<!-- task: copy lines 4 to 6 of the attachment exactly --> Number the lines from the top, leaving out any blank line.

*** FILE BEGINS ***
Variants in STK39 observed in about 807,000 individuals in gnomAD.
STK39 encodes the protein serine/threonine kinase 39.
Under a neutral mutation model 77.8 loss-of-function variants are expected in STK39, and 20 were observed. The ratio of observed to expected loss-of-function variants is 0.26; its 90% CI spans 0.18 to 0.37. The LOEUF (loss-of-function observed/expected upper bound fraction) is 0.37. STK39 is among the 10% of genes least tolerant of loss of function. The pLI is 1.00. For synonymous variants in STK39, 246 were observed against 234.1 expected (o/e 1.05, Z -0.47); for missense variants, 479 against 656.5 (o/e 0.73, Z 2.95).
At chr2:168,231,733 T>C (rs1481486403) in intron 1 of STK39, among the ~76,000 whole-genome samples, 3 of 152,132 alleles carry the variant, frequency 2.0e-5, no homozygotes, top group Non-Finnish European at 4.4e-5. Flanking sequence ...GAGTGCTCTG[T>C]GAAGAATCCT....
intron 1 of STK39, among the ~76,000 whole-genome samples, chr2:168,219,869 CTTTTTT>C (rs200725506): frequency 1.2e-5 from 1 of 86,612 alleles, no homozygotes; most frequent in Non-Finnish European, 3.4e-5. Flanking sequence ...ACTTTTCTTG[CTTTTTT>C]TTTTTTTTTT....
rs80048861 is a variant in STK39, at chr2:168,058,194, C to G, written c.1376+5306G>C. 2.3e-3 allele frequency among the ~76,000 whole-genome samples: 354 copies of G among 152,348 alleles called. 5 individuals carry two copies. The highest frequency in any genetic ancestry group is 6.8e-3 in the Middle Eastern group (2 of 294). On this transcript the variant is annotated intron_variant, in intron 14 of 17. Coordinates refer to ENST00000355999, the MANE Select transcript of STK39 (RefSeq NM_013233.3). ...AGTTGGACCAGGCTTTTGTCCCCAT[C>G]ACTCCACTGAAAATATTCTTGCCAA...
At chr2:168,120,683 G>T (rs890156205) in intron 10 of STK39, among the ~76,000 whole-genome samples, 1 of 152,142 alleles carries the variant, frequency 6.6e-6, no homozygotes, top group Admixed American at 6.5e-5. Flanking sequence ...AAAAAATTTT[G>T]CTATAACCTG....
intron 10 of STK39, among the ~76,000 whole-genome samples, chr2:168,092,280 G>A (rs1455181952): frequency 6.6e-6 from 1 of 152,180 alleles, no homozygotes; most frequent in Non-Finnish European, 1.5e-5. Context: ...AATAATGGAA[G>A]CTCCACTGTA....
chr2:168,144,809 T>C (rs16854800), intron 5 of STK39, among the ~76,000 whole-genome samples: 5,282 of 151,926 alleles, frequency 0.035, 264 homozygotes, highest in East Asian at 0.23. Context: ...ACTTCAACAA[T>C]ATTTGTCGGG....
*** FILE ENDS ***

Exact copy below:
At chr2:168,231,733 T>C (rs1481486403) in intron 1 of STK39, among the ~76,000 whole-genome samples, 3 of 152,132 alleles carry the variant, frequency 2.0e-5, no homozygotes, top group Non-Finnish European at 4.4e-5. Flanking sequence ...GAGTGCTCTG[T>C]GAAGAATCCT....
intron 1 of STK39, among the ~76,000 whole-genome samples, chr2:168,219,869 CTTTTTT>C (rs200725506): frequency 1.2e-5 from 1 of 86,612 alleles, no homozygotes; most frequent in Non-Finnish European, 3.4e-5. Flanking sequence ...ACTTTTCTTG[CTTTTTT>C]TTTTTTTTTT....
rs80048861 is a variant in STK39, at chr2:168,058,194, C to G, written c.1376+5306G>C. 2.3e-3 allele frequency among the ~76,000 whole-genome samples: 354 copies of G among 152,348 alleles called. 5 individuals carry two copies. The highest frequency in any genetic ancestry group is 6.8e-3 in the Middle Eastern group (2 of 294). On this transcript the variant is annotated intron_variant, in intron 14 of 17. Coordinates refer to ENST00000355999, the MANE Select transcript of STK39 (RefSeq NM_013233.3). ...AGTTGGACCAGGCTTTTGTCCCCAT[C>G]ACTCCACTGAAAATATTCTTGCCAA...